Margo Seibert and Christine Ebersole (Photo © Jerry Dalia)

Lest all this sound too sweet, both women tell of times when they disagree on where a song should be placed. Says Heisler, “What we’ve learned, however, is that if we argue about it long enough, we realize that there shouldn’t be a song there. Only when we both agree on where a song should be does it turn out to be right.”

The music of Ever After marches to a different drummer. “I didn’t want it to sound like your high school madrigal society,” says Goldrich. “I felt it should be big, lusty, melodic, jazzy and quirky. There’s a modern feel to the story so I wanted a musical idiom to reflect that. It should hit you emotionally and not just be a history lesson.”

Heisler agrees. “The music must express that Danielle is a fiercely independent Cinderella. She’s funny and smart in the way I always I aspire to be.” Heisler gives a shy grim before she admits “I wasn’t afraid to put my own long and winding road for love into the story.”

Whether or not Heisler’s prince will ever come someday, at least the prints of Ever After posters and programs day have come. Now – will genuine yellow-topped Playbills ever become available? That of course would only happen if the show moved to Broadway. The fact that another Cinderella – by Rodgers and Hammerstein, no less — played there for close to two solid years and only closed five months ago hasn’t undaunted them.

Says Heisler, “My sister, who co-created and writes the TV show The Middle, has the right way of looking at it: ‘Eyes on your own paper,’ she tells me. ‘You have a distinct voice and no one can write a story the way you can. Keep going.’”

Goldrich says, “I believe what Winston Churchill said: ‘Never give up. Never give up. Never give up,’” she drones, sounding not unlike the legendary prime minister.

So perhaps Goldrich and Heisler will experience their own Cinderella ending where they and Ever After live happily ever after. Stay tuned.

You may e-mail Peter at pfilichia@aol.com. Check out his weekly column each Monday at www.broadwayselect.com, Tuesday at www.masterworksbroadway.com and Friday at www.kritzerland.com. His book The Great Parade: Broadway’s Astonishing, Never-To-Be Forgotten 1963-1964 Season is now available at www.amazon.com.

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    Hosted by Mary Page Nance

    From Broadway’s “Finding Neverland”

     TUESDAY, June 2nd ONSTAGE at the Brooklyn Center for the Performing Arts

     at Brooklyn College

    Hundreds of NYC Public School Students Performing Musical Numbers

    Hosted by Mary Page Nance of Broadway’s Finding Neverland
    (Photo ©Ted Ely Photography)

    NEW YORK The 10th Anniversary celebration of The Shubert Foundation/Music Theatre International arts education Broadway Junior Program will take place Tuesday, June 2nd, 2015 at 10:30 a.m. at Brooklyn Center for the Performing Arts at Brooklyn College (2900 Campus Rd.)

    The event will be hosted by Mary Page Nance from Broadway’s “Finding Neverland.”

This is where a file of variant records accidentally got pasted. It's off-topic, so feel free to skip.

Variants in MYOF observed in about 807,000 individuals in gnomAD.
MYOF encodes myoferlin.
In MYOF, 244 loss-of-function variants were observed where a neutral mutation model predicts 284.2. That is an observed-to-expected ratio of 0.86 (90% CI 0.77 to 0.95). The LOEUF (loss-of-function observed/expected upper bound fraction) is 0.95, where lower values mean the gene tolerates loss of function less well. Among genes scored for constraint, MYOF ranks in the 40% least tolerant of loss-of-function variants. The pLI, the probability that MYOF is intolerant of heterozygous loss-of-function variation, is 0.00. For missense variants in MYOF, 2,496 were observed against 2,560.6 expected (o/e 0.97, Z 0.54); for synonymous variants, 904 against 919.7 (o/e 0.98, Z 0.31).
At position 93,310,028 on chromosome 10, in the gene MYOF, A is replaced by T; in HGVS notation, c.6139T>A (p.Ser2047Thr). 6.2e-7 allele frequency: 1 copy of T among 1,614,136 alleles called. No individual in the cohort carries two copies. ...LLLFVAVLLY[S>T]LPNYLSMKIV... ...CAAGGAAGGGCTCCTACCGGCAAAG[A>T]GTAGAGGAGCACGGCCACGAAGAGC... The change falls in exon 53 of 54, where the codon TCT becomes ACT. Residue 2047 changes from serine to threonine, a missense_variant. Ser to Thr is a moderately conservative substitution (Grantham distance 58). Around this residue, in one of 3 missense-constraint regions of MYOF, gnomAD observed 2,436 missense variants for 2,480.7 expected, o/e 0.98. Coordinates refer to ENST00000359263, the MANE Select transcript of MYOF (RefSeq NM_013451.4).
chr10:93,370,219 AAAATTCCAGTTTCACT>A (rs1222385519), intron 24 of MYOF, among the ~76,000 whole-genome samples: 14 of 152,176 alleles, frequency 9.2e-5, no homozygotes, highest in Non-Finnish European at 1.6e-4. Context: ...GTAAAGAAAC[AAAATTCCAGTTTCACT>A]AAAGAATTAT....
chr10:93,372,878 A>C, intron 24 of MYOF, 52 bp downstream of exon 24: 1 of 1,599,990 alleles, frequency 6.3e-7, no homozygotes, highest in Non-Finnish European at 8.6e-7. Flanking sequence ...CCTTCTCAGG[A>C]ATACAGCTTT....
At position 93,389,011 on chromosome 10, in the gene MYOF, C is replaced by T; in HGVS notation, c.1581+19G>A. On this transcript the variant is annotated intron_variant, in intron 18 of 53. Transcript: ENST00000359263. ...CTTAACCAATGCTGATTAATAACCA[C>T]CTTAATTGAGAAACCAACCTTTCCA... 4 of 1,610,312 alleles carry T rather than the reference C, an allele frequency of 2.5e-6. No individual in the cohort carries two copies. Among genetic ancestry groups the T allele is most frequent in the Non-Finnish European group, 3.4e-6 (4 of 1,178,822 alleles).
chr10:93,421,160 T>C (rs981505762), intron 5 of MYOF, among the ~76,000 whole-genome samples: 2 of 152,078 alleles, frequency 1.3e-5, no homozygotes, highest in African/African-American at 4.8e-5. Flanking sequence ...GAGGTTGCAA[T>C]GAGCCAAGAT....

Students from Brooklyn, Bronx, Queens and Manhattan will perform song and dance numbers from their school versions of Broadway musicals. The shows include Guys and Dolls JR, Once on this Island JR, Fame JR, Annie JR, and Schoolhouse Rock Live JR.

    The Shubert /MTI Broadway Junior Program is a groundbreaking musical theatre mentorship program that builds self-sustaining theatre programs in public schools that have limited arts programming.  The program is sponsored by The Shubert Foundation, Music Theatre International (MTI) and the New York City Department of Education (NYCDOE).

    At the event on Tuesday, June 2nd, the New York City Department of Education Office of Arts and Special Projects Executive Director, Paul King will offer welcoming remarks and will introduce this Celebration’s Broadway Junior host, Mary Page Nance, who is currently starring in the hit Broadway musical, “Finding Neverland”

    In attendance at the Broadway Junior event will be prominent NYC arts educators, and leading members of New York’s professional theater community.

    “The arts teaches students the importance of revising, editing, rehearsing and joy in the pursuit of mastery – a lesson critical in the classroom and beyond,” said School’s Chancellor Carmen Fariña. “Expanding access to theater, and more generally arts education, helps inspire students, builds confidence and deepens their critical thinking skills. By taking advantage of the City’s rich cultural resources, and partnering with great organizations like the Shubert Foundation, we will be able to continue to offer teachers hands on training and arts experiences and give our students access to a world class arts education.”

    Students performing in 2014.

    Michael I. Sovern, President of The Shubert Foundation, stated, “Every year, the Broadway Junior celebration is a joyful burst of youthful talent and energy that lights up Broadway. The long-running success of this program clearly demonstrates the value of The Shubert Foundation’s ongoing support for arts education programs in our New York City public schools.”